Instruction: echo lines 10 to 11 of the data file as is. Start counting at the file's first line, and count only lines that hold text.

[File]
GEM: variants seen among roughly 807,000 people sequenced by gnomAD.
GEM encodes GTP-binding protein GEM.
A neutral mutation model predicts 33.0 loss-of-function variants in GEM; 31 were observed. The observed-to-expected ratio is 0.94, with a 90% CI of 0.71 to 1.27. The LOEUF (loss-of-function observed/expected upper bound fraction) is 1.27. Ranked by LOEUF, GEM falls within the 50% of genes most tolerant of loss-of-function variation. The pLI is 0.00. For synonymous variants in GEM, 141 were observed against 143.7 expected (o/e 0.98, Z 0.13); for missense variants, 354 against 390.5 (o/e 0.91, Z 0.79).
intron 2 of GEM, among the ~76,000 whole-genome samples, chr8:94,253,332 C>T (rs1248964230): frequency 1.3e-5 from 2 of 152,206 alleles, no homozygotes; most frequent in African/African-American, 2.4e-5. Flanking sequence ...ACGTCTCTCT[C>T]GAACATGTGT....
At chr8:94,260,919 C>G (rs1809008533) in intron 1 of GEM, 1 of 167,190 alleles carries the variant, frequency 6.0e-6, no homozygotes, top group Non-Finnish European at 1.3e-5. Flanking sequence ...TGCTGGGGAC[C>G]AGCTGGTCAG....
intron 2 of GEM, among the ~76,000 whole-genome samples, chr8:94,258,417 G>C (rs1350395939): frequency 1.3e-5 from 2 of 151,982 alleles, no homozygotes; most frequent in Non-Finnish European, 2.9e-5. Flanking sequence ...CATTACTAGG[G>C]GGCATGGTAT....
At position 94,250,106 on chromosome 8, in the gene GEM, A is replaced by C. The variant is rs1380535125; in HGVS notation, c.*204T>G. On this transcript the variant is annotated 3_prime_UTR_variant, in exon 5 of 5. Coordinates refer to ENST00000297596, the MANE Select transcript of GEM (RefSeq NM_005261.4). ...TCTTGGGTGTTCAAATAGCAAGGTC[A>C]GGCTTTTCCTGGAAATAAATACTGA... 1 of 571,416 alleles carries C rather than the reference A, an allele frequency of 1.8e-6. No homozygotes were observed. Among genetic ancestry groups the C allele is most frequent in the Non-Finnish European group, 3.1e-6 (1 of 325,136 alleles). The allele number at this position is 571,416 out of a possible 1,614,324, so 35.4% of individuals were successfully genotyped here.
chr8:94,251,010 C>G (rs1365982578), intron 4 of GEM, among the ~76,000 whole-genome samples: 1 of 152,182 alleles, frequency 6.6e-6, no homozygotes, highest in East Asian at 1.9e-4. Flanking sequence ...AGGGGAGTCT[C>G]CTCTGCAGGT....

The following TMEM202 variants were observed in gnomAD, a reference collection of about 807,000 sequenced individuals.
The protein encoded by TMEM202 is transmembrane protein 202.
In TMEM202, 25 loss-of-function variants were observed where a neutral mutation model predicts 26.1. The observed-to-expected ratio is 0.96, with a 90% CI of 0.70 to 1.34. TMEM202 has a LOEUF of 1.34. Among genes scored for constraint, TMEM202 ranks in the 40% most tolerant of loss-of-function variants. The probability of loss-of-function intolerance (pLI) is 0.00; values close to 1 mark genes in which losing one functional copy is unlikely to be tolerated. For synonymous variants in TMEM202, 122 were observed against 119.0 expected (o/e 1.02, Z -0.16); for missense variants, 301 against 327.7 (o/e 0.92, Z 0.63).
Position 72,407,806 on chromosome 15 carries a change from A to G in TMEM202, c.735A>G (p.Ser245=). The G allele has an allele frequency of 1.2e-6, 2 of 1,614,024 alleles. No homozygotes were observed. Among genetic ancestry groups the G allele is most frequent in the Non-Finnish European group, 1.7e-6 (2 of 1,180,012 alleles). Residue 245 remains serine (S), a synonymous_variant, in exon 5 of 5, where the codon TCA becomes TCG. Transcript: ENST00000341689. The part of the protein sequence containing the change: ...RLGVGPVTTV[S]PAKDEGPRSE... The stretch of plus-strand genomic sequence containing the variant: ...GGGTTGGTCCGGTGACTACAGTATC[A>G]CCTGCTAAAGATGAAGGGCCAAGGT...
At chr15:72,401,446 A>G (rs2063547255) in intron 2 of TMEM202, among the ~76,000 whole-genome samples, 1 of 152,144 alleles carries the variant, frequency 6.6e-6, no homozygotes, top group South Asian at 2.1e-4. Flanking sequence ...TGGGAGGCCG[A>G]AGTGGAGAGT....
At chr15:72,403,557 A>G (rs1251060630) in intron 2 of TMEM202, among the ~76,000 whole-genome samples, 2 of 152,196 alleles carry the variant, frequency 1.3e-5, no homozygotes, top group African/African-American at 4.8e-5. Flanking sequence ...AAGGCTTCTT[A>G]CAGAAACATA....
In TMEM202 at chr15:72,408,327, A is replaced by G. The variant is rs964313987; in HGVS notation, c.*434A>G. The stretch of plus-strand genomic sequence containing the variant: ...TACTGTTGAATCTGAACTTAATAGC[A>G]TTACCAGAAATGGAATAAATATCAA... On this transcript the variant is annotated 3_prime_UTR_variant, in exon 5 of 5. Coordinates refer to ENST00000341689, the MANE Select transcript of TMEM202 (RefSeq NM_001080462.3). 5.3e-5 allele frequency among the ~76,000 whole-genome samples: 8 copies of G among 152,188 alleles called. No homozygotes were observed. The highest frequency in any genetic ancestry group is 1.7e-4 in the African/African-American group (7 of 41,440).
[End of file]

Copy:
The protein encoded by TMEM202 is transmembrane protein 202.
In TMEM202, 25 loss-of-function variants were observed where a neutral mutation model predicts 26.1. The observed-to-expected ratio is 0.96, with a 90% CI of 0.70 to 1.34. TMEM202 has a LOEUF of 1.34. Among genes scored for constraint, TMEM202 ranks in the 40% most tolerant of loss-of-function variants. The probability of loss-of-function intolerance (pLI) is 0.00; values close to 1 mark genes in which losing one functional copy is unlikely to be tolerated. For synonymous variants in TMEM202, 122 were observed against 119.0 expected (o/e 1.02, Z -0.16); for missense variants, 301 against 327.7 (o/e 0.92, Z 0.63).